Guest Post: ReMaterialise- Plastic Bags into Fantastic Bags

ReMaterialise shopping bags (photos: Fi Leaning).
I discovered ReMaterialise at the beginning of this year. I can’t recall exactly how I stumbled upon their website, I was probably looking for a creative ways to reuse plastics. I was finding all sorts of innovative ways to re-use plastic bags, and plastic bag fusing seemed the best way to use heaps of bags to make a useful and strong item. I attempted plastic bag fusing myself, and I quickly learned it was not easy! It is a slow process of painstakingly ironing plastic bags on a low heat. My finished product was a wonky sheet of plastic that I used as a place mat for the cat bowl. 

About a month ago I unexpectedly found myself meeting the creator of ReMaterialise, Fi, while I was volunteering for Ecomatters. I was very excited to meet Fi, and may have fan-girled a bit as I knew all about ReMateralise. We had a great conversation about plastic bags, being plastic free and the waste stream in New Zealand. Fi is actually very anti-plastic bags and wants them banned, meaning ReMaterialise would go out of business but to Fi that means her business was a success.

Fi Leaning from ReMateralise
ReMaterialise was born from a desire to use up the plastic bags I had accumulated over a few years as I didn’t want to throw them away. I looked around online and did lots of research and I came across fusing, it has taken years to perfect the process.
We take at least 40 single use plastic supermarket bags and turn them into 1 reusable shopping bag. More bags are used if we are doing some funky design. The bags are big enough to replace between 3-5 bags at the supermarket while still being comfortable to carry. They will replace around 1000 plastic bags from being used in their lifetime.
Each bag takes around 3 1/2 hours to make, much much longer if the design is very intricate. The longest a bag has taken me is around 8 hours. As each piece is unique there is usually lots of trial and error involved in getting it just right.
I consider myself to be a mad scientist, creative recycler, plastic artist and environmentalist along with Mother, wife, daughter, sister. Some of my favorite designs have taken many many hours to make.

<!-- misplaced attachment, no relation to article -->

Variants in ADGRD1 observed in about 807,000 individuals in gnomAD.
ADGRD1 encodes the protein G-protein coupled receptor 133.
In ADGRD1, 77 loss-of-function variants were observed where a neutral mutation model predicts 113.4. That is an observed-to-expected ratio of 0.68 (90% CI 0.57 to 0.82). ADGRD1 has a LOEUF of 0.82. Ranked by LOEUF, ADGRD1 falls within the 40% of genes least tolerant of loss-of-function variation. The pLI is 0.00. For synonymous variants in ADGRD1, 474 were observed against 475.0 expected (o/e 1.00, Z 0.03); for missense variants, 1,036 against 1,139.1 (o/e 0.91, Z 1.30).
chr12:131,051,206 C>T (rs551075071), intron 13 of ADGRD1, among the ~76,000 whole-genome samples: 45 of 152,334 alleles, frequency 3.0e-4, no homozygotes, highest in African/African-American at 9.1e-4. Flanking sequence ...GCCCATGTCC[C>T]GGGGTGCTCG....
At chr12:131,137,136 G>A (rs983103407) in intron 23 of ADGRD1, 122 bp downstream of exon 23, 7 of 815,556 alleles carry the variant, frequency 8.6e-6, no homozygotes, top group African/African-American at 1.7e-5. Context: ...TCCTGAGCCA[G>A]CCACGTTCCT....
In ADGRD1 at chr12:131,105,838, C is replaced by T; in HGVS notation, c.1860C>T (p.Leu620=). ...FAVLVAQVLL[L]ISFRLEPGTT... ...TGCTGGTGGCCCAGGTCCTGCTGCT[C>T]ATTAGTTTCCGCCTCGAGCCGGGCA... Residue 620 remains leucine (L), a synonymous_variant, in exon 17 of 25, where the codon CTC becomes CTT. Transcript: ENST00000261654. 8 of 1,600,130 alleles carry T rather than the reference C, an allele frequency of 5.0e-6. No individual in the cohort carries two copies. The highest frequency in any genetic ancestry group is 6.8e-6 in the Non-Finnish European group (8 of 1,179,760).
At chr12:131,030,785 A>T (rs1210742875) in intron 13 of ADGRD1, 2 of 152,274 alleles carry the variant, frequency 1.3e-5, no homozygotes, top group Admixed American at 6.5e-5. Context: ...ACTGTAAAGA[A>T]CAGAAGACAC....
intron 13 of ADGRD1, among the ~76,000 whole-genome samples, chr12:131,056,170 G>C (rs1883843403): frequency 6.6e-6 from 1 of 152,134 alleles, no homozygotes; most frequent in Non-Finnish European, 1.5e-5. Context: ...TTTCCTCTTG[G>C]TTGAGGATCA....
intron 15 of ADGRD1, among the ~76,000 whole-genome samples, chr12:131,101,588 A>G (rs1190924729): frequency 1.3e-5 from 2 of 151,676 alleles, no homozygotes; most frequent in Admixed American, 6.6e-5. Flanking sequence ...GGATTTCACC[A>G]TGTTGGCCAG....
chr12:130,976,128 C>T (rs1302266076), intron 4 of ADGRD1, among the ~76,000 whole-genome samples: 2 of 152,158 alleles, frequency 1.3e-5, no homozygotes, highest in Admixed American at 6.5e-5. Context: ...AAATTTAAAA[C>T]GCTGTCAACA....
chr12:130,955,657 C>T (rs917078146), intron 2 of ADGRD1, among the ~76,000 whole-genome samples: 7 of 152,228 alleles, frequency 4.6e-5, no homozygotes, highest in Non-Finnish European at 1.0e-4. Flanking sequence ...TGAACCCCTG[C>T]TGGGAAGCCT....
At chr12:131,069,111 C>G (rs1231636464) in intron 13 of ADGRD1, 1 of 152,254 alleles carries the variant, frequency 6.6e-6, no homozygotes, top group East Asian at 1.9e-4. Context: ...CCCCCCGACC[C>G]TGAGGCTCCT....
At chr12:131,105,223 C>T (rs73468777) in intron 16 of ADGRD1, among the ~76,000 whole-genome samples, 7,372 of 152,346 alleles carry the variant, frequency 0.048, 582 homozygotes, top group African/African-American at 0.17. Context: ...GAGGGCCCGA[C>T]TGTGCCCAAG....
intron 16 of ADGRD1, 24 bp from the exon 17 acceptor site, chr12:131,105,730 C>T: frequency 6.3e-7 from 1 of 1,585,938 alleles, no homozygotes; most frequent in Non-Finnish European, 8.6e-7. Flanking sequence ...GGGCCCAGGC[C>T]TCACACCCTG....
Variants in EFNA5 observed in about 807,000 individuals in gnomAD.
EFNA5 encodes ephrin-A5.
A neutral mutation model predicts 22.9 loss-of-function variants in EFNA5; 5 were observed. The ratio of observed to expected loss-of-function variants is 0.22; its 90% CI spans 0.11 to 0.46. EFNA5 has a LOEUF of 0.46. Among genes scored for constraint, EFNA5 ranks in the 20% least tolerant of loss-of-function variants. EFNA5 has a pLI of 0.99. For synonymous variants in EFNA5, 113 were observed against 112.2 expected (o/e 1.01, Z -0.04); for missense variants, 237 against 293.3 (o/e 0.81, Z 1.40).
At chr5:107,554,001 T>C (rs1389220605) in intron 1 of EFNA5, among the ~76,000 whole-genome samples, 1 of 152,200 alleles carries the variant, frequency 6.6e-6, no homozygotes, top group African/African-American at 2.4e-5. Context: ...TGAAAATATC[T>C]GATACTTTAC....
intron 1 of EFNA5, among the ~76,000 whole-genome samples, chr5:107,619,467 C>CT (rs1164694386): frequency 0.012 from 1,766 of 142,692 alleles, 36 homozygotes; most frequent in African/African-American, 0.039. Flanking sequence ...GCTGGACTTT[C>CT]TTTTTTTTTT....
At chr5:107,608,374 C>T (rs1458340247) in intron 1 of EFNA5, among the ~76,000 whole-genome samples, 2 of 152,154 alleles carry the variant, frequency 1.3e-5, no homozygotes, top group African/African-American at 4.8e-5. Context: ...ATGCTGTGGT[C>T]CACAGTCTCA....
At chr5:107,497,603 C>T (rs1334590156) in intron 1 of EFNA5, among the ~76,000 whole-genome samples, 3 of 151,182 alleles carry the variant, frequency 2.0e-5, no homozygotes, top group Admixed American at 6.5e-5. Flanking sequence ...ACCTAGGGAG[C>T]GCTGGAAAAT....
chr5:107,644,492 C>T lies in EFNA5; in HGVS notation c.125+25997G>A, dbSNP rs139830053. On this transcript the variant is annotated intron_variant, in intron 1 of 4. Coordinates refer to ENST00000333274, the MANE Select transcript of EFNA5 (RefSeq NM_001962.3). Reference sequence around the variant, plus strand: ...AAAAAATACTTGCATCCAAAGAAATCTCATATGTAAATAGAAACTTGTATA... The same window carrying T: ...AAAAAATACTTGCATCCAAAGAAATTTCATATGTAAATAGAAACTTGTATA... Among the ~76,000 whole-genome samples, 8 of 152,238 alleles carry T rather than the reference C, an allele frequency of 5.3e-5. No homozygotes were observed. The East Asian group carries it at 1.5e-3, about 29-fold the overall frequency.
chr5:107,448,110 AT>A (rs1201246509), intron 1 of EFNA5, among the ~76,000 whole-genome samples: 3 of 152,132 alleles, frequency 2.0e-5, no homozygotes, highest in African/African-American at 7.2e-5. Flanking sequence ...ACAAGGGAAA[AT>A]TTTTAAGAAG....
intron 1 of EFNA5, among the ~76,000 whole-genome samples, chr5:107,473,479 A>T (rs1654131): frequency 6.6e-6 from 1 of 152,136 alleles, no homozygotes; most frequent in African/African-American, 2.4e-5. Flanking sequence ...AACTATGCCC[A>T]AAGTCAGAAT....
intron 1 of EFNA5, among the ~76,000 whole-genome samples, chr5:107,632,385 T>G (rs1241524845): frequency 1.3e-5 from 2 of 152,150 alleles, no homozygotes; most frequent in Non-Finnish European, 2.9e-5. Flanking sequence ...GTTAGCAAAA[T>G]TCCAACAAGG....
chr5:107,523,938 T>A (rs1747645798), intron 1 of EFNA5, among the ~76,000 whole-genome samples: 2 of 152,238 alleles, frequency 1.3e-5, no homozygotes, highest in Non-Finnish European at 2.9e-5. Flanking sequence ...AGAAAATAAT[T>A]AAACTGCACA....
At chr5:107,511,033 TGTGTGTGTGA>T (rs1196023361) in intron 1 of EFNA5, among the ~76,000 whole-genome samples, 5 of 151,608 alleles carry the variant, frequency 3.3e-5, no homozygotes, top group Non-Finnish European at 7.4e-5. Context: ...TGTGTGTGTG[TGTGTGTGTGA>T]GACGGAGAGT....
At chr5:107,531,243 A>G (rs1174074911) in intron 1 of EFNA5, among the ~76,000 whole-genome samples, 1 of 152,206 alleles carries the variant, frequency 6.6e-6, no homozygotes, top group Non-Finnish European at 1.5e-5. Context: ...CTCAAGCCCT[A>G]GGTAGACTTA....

I get my bags from Countdown plastic recycling bins, people send them to me in the post or via courier. I have a few collections around Auckland from time to time. Most of my bags come from people wanting to make a change from plastic to reusable and want to get rid of their bottom drawer collection. We do end up with lots of bags we cant use, and there is always scrap plastic, these are all put into bales next to my house and are collected by Enviroreelwho is an Auckland company who recycle plastic on a massive scale. None of the plastic that reaches us ends up in landfill.
I am very anti plastic bags, I am completely miffed that our government refused to help us put a levy on plastic bags. Part of our mission is to educate people against using so many disposable products. We have become a very throw away society and we need to rethink that and go back to reusing things. Plastic bags are made from a non renewable resource and are designed to be used once and thrown away where they will survive for ever. Our process and mission is to give a longer more productive life to this waste stream so that eventually its production may actually have been worth it.
To date we have recycled around 60,000 plastic bags and have sent triple that amount off to be recycled by Enviroreel. With luck though we hope to run out of plastic bags and then I will know my business was a success and we will find something else to manufacture out of another kind of waste. But until then we have a never ending supply of plastic to work with.
We are a business, but currently not profitable, as with most recycling companies getting the word out there takes up a huge amount of our time and effort and any profits that we do make is plunged back into the business so we can recycle even more plastic.
YES we can take your plastic for recycling, YES you can follow us on social media and YES you can buy one of our fab bags, a great talking point at the supermarket.
Fi Leaning
@ReMaterialise #ReMaterialiseBags

ReMaterialise make other goodies such as wallets, notebooks, cloth bags and pouches
A quick word on plastic bag recycling
It was announced a few months ago that New Zealand will be trialing large scale plastic bag recycling. This is excellent news, however, this does not mean that it is now sustainable to use plastic bags. It is not! Plastic bags still get in the environment and cause harm to animals, plants and fish. They do not degrade, and eventually turn to micro plastics which slowly work their way up the food chain. The bio-degradable bags are no better, these take years to degrade in the right environment and can cause just as much environmental degradation. In New Zealand around 40,000 plastic bags are disposed of to landfill every hour. Quit using single use plastic bags, get a reusable bag. 



  1. Danielle @ No Need for Mars   •  

    Great disclaimer on plastic bag recycling. I try every day to help others understand that although recycling is better than nothing, in no way it is THE answer to our sustainability issues. Beautiful bags!

  2. Inge   •  

    I'd love to see the placemat for your cat 🙂

  3. Amanda Chapman   •  

    Not the nicest looking thing… Lesson learned- plastic fusing is hard & time consuming!

  4. Amanda Chapman   •  

    Thanks, it's definitely tricky to explain when as a generation we have had it drilled in to us that "recycling is green" and you can be green just by refusing plastic bags, there's A LOT more to it. But every bit helps of course.

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